Nurturing the yen for youth ministry

For those who enjoy it, there’s nothing more rewarding than working with young people.

But advances in technology and changing times have led to increasing challenges, for both youths and those who shepherd them in youth ministry. 

Kelly Minter
Kelly Minter

“It’s changed dramatically from when I started 15 years ago,” said Kelly Minter, who currently works with the Florida Conference youth ministries program.

She cited social media, cell phone texting, and other forms of instant communication as one of the biggest cultural shifts shaping today’s teenagers.

“Everybody’s information is in the public domain,” Minter said. “It [youth ministry] is very different to deal with in such an immediate culture.”

To help youth workers, whether volunteers or pastors, the conference is holding a two-day event called “Rooted,” featuring workshops on youth ministry issues ranging from budgeting to dealing with at-risk teenagers. The program is geared mostly toward those who work with teens, but people who work in a combined ministry for both teens and younger children are welcome, Minter said.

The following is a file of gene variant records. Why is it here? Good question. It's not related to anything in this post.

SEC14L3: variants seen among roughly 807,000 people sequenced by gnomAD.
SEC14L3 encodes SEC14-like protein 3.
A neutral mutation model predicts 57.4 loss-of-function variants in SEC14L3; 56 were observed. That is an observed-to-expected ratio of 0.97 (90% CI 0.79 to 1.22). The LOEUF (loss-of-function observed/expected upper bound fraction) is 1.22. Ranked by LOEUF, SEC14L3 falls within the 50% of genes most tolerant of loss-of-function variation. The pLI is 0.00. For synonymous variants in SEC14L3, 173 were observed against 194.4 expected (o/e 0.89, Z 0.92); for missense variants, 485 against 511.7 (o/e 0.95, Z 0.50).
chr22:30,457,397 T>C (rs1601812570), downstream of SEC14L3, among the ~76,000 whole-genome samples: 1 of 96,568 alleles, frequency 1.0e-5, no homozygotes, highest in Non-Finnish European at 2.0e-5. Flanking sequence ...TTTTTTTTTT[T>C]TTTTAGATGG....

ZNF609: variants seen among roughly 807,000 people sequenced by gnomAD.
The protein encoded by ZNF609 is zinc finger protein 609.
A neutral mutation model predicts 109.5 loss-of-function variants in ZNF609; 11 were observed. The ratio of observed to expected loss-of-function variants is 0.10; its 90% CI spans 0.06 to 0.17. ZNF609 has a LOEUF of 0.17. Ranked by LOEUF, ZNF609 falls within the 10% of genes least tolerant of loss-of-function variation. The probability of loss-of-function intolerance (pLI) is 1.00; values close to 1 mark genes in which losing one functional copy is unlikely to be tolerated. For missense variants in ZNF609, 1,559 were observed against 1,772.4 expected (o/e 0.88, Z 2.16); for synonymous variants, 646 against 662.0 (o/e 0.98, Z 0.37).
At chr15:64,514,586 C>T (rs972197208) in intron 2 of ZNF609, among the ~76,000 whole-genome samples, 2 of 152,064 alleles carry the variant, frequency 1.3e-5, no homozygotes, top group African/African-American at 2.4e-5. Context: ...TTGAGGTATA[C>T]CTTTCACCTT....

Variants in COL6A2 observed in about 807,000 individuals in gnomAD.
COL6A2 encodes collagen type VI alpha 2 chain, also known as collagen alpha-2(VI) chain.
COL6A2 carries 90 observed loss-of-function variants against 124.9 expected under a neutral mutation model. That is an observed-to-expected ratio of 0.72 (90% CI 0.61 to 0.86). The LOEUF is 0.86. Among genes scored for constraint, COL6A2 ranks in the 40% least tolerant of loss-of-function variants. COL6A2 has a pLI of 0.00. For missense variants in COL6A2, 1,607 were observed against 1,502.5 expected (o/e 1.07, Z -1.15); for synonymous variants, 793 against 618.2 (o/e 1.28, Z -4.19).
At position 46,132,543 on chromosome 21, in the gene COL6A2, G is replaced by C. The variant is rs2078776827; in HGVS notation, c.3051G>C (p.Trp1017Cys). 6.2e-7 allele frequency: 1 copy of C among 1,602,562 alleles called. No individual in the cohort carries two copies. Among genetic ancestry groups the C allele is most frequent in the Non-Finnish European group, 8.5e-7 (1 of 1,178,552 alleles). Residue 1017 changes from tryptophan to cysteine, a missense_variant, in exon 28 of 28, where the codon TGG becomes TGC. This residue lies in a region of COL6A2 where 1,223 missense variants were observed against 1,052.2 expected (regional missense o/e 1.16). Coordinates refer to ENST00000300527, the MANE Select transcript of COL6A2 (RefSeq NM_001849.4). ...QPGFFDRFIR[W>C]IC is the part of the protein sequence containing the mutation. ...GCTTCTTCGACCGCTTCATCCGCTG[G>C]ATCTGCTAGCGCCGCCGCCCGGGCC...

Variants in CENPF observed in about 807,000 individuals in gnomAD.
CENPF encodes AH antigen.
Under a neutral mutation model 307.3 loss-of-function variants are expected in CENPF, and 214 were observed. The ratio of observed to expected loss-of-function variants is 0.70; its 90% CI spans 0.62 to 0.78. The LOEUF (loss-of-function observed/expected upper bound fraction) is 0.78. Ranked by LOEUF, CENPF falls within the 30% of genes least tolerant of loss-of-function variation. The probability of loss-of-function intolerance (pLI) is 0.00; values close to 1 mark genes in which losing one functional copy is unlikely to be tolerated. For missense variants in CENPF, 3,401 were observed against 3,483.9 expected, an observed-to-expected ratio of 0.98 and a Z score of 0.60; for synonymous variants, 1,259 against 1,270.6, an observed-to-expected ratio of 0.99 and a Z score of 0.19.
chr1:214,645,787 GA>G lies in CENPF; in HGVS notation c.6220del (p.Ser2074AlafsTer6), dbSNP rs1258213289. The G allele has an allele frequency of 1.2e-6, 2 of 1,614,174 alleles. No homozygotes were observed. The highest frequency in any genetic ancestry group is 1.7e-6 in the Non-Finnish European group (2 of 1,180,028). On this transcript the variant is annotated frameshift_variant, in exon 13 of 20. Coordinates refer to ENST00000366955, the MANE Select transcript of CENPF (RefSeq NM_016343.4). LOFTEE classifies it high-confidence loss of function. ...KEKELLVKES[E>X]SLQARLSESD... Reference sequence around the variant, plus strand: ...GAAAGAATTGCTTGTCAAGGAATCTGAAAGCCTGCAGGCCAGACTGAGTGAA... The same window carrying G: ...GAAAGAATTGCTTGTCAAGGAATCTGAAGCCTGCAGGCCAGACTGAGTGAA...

The event will be held Sept. 17 and 18 at the Warren Willis Camp, 4990 Picciola Road, Fruitland Park. Youth workers can sign up for one day or two. Fees include meals. The cost is $35 for one day and $80 for two, which includes overnight lodging at the camp. Registrations are due by Sept. 10 and can be accessed at

The idea for the name “Rooted” came from a desire to give youth workers strong roots in their ministries so that they can grow while remaining grounded, Minter said. The event is being developed in partnership with the Youth Ministry Institute (YMI).

The conference has been sponsoring a youth worker training event in the fall for a few years, Minter said. Typically, 40 to 50 people sign up. This year, Florida has seen a surge in new youth workers, all of whom are encouraged to attend the event, along with those who have been in the field for some time. 

Planning Rooted event
A Youth Ministries committee meets to finalize plans for the Rooted event targeting youth workers in September.

In addition to workshops, the event allows youth workers to mingle and share ideas with others from across the state, she said.

“Youth ministry is a weird field,” Minter said. “When you get a bunch of them together who understand that weirdness and love that weirdness, there’s a kind of strength in that.”

Workshops for new youth ministers will include a presentation on program aspects to have in place in the first two years. Other workshops will focus on fundraising and budgeting for expenses, developing curriculum, child protection issues and the different needs of programs for small or large churches.

The training also will include a workshop on teenage recovery, a topic encompassing how to react when a young person is engaged in self-destructive behavior, such as eating disorders, cutting oneself or substance abuse.

YMI also will offer classes for its students, some of which will be open to all Rooted participants. For information, visit or call (407) 341-0855.



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